Teens use technology like texting, gaming, social networks, the internet, and online chats to:
For many, their online lives matter as much as their offline lives.
Technology can help teens:
The benefits are more likely to happen when teens are allowed to practice being online and when trusted adults talk with them about the opportunities and the challenges.
Sometimes technology use can lead to:
Teens with a good understanding how online media works (like knowing privacy settings) and skills to critically understand and create content are less likely to experience problems with technology use.
Teens get messages about sexuality and relationships through technology every day. This includes messages about:
Sometimes these messages are directly about sexuality, like in pornography or sexts. Other times, the messages are more subtle, like in video games, advertisements, or video clips.
Some of the ideas teens get from technology can support sexual health and encourage healthy decisions. Others may be negative, leading to harm or dangerous situations.
Sexting is sending sexual words, nude or semi-nude photos, or sexual videos through texts or instant messaging apps.
Some teens sext to explore sexuality, identity, and boundaries. It can be a way of showing sexual interest as they practice relationships and communication skills.
Most sexting is consensual and stays between sender and receiver. Sexting people they don't know is unhealthy and could be against the law.
Teens need to know that even though sexting can feel private and safe, when a message, photo, or video is sent to someone, there is no guarantee that it will stay private.
Some teens access pornography as they explore their sexuality. It's important they understand that pornography:
Talk to teens about privacy, technology, and safety, whether or not you think they sext or use pornography. The same rules for healthy communication in real life apply online. When you teach about communicating online, teach about trust, respect, privacy, and consent. Some healthy messages to share with teens are:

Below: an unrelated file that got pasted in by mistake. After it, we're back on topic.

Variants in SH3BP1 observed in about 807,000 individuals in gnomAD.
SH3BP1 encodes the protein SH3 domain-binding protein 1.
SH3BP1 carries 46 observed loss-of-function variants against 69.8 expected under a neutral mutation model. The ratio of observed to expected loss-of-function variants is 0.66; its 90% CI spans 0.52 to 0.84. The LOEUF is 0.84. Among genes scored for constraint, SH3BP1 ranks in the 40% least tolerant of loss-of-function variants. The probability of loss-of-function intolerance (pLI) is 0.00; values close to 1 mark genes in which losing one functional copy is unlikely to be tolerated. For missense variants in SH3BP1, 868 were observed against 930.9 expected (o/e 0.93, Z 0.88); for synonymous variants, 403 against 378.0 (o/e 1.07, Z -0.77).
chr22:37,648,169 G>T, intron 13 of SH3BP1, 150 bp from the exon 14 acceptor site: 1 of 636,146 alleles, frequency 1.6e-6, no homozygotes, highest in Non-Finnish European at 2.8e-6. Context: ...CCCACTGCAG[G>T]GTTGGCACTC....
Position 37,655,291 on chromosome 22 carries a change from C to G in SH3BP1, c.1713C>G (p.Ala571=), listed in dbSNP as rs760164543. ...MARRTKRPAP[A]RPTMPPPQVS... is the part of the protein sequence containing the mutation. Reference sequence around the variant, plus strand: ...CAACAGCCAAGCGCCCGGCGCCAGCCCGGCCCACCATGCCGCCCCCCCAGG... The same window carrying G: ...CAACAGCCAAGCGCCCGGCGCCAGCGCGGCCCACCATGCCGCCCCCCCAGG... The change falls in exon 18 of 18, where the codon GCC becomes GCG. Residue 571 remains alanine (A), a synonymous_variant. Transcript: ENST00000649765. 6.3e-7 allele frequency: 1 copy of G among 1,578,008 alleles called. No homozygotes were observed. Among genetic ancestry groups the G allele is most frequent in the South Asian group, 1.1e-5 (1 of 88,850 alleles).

Setting limits about technology use can help teens use media in healthy ways and stay safe.
Not everything online makes people feel good. Some media messages can be negative, like bullying, threats, homophobia, or racism.
Talk to your teen about cyberbullying and sexting. Tell them they can talk to you or another adult they trust if something they see or receive upsets them.
If you're worried about your teen's safety, contact your local emergency services.
To report online sexual abuse or exploitation of children, go to
If you are a child or teen looking for support any time, day or night, call
Kids Help Phone at 1-800-668-6868. You can also call Health Link at 811 to talk to a registered nurse or to find programs or services near you.
Current as of: January 5, 2023
Author: Sexual and Reproductive Health, Alberta Health Services
This material is not a substitute for the advice of a qualified health professional. This material is intended for general information only and is provided on an "as is", "where is" basis. Although reasonable efforts were made to confirm the accuracy of the information, Alberta Health Services does not make any representation or warranty, express, implied or statutory, as to the accuracy, reliability, completeness, applicability or fitness for a particular purpose of such information. Alberta Health Services expressly disclaims all liability for the use of these materials, and for any claims, actions, demands or suits arising from such use.